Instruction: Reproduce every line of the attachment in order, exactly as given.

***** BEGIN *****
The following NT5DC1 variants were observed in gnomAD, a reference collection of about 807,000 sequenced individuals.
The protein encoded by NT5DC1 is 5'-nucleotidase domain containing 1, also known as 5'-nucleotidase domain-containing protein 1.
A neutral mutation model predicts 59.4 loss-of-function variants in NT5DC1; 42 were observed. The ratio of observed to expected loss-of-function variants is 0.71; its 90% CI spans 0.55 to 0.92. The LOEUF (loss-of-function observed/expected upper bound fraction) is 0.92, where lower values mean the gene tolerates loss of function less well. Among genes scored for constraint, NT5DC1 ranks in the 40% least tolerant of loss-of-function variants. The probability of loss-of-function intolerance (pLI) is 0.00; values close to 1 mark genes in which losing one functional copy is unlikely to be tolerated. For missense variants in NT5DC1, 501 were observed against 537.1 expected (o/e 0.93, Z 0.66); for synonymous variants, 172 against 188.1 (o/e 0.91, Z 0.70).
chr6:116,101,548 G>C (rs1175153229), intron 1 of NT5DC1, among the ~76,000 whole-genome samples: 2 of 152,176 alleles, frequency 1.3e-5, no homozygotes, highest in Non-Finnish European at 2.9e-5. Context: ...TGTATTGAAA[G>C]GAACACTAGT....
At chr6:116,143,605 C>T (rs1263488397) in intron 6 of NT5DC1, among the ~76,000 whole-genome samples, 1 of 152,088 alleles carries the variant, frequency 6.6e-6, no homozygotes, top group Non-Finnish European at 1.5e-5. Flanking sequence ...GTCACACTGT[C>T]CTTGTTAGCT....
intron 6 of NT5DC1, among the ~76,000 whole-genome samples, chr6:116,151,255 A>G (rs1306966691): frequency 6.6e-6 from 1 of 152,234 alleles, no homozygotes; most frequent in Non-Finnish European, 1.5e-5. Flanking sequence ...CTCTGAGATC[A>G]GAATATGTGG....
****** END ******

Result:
The following NT5DC1 variants were observed in gnomAD, a reference collection of about 807,000 sequenced individuals.
The protein encoded by NT5DC1 is 5'-nucleotidase domain containing 1, also known as 5'-nucleotidase domain-containing protein 1.
A neutral mutation model predicts 59.4 loss-of-function variants in NT5DC1; 42 were observed. The ratio of observed to expected loss-of-function variants is 0.71; its 90% CI spans 0.55 to 0.92. The LOEUF (loss-of-function observed/expected upper bound fraction) is 0.92, where lower values mean the gene tolerates loss of function less well. Among genes scored for constraint, NT5DC1 ranks in the 40% least tolerant of loss-of-function variants. The probability of loss-of-function intolerance (pLI) is 0.00; values close to 1 mark genes in which losing one functional copy is unlikely to be tolerated. For missense variants in NT5DC1, 501 were observed against 537.1 expected (o/e 0.93, Z 0.66); for synonymous variants, 172 against 188.1 (o/e 0.91, Z 0.70).
chr6:116,101,548 G>C (rs1175153229), intron 1 of NT5DC1, among the ~76,000 whole-genome samples: 2 of 152,176 alleles, frequency 1.3e-5, no homozygotes, highest in Non-Finnish European at 2.9e-5. Context: ...TGTATTGAAA[G>C]GAACACTAGT....
At chr6:116,143,605 C>T (rs1263488397) in intron 6 of NT5DC1, among the ~76,000 whole-genome samples, 1 of 152,088 alleles carries the variant, frequency 6.6e-6, no homozygotes, top group Non-Finnish European at 1.5e-5. Flanking sequence ...GTCACACTGT[C>T]CTTGTTAGCT....
intron 6 of NT5DC1, among the ~76,000 whole-genome samples, chr6:116,151,255 A>G (rs1306966691): frequency 6.6e-6 from 1 of 152,234 alleles, no homozygotes; most frequent in Non-Finnish European, 1.5e-5. Flanking sequence ...CTCTGAGATC[A>G]GAATATGTGG....